Dennis P. Halpin is currently a visiting scholar at the U.S.-Korea Institute at Johns Hopkins School of Advanced International Studies (SAIS). He served as a Peace Corps volunteer in South Korea, U.S. consul in Pusan, and a House Foreign Affairs Committee staff member for over twelve years. 

2014 Nuclear Security Summit Must Focus On Building an International Nuclear Security Governance System, Report Finds

For Immediate Release

Media Contacts: Michelle Cann, Senior Budget and Policy Analyst, PGS (+1 609 668-2930); Kelsey Davenport, Nonproliferation Analyst, ACA (+1-317-460-8806); Sarah Williams, Nuclear Policy Analyst, PGS, (+1 202-332-1412).

July 1, 2013: A new report released today by the Arms Control Association (ACA) and Partnership for Global Security (PGS), sponsored by the U.S.-Korea Institute at SAIS and the Fissile Materials Working Group, finds that the Nuclear Security Summit (NSS) process has catalyzed action to secure nuclear weapons-usable materials, but the largely nationally-focused efforts to date are inadequate, and leading governments must begin building the framework for a cohesive international nuclear security governance system.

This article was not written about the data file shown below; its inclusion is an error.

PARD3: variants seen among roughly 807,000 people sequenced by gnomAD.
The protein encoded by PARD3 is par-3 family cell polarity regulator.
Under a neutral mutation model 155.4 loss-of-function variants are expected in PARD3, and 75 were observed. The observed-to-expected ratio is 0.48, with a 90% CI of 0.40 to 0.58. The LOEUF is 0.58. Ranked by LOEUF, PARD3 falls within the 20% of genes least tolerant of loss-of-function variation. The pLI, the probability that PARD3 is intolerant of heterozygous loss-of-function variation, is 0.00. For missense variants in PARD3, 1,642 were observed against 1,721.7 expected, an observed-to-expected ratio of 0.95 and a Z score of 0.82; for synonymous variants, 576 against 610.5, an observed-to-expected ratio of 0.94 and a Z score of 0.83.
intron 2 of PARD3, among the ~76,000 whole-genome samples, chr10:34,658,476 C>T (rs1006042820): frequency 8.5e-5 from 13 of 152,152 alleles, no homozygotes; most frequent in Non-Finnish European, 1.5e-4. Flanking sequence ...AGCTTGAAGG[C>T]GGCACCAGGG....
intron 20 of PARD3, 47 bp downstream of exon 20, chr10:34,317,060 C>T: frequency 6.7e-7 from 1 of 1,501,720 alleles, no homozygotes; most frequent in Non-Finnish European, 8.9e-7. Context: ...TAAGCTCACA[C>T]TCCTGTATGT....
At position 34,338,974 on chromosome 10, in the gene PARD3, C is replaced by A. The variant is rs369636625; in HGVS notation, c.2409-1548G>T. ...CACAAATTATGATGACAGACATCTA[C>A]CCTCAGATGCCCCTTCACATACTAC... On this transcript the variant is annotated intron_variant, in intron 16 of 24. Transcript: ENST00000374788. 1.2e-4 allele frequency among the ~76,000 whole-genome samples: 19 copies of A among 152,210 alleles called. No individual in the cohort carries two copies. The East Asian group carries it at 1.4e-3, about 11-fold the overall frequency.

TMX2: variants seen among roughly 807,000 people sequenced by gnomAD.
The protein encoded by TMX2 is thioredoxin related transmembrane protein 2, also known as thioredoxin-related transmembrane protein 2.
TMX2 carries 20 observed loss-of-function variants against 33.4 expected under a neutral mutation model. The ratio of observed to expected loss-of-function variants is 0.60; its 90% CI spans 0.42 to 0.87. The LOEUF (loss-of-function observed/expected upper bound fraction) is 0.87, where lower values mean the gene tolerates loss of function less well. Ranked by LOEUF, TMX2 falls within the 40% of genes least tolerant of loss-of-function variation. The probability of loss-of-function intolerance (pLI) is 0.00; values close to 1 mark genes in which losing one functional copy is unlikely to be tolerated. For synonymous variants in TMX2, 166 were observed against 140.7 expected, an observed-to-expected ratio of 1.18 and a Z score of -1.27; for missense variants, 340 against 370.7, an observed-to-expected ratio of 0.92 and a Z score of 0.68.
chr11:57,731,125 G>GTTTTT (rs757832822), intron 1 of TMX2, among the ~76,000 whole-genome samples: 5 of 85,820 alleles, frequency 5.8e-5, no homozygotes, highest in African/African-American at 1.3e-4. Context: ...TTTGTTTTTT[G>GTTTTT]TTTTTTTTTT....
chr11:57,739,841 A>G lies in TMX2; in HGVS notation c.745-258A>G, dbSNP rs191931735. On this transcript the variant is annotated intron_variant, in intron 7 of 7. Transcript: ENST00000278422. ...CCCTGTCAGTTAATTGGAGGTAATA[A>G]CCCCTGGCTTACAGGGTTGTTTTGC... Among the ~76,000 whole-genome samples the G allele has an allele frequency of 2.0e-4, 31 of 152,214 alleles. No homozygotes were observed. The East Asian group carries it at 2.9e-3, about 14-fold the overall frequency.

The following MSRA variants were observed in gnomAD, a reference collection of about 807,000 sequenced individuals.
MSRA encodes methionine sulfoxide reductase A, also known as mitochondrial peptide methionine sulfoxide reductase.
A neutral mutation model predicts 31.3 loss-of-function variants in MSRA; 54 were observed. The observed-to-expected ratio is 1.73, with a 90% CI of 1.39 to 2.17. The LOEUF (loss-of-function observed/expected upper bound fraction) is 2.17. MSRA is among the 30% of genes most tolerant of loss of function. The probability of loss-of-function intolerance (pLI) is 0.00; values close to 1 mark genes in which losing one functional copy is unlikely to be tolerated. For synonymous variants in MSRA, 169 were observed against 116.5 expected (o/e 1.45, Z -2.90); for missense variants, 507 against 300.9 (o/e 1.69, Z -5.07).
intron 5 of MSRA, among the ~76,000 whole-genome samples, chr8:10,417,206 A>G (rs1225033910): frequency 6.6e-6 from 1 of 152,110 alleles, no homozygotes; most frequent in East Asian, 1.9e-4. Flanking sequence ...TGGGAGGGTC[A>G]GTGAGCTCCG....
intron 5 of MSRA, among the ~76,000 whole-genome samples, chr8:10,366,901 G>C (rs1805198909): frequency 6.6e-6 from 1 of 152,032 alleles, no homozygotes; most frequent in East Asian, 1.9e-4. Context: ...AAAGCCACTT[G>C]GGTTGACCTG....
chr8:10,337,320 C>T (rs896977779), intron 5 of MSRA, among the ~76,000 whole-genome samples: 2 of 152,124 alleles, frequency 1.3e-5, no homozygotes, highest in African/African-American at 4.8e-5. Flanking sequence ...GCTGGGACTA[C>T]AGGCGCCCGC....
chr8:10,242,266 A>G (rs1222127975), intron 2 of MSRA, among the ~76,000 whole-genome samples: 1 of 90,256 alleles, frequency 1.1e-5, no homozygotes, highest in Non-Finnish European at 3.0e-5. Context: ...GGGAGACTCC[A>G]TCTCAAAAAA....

In the lead up to the Seoul Nuclear Security Summit in 2012, USKI published a paper reporting on the implementation of the national commitments pledged at the 2010 NSS in Washington. The 2013 edition of The Nuclear Security Summit: Progress Report provides a comprehensive overview of the progress states have made to improve nuclear security since the NSS process began in April 2010.

“The 2010 Washington summit and the 2012 Seoul summit focused primarily on accelerating incremental efforts at the national level, rather than building consensus for bold new actions,” said Michelle Cann, senior budget and policy analyst at PGS and co-author the report.

“Ahead of the 2014 summit in The Netherlands, states must begin outlining a global strategy to address the structural deficiencies of the current nuclear security regime,” she added.

“Although all 53 participating countries have taken steps since the 2012 summit to strengthen nuclear security, the current system lacks universal reporting requirements and standards, making it difficult to assess the overall progress of the summit process,” said Kelsey Davenport, nonproliferation analyst for ACA and co-author of the report. read more …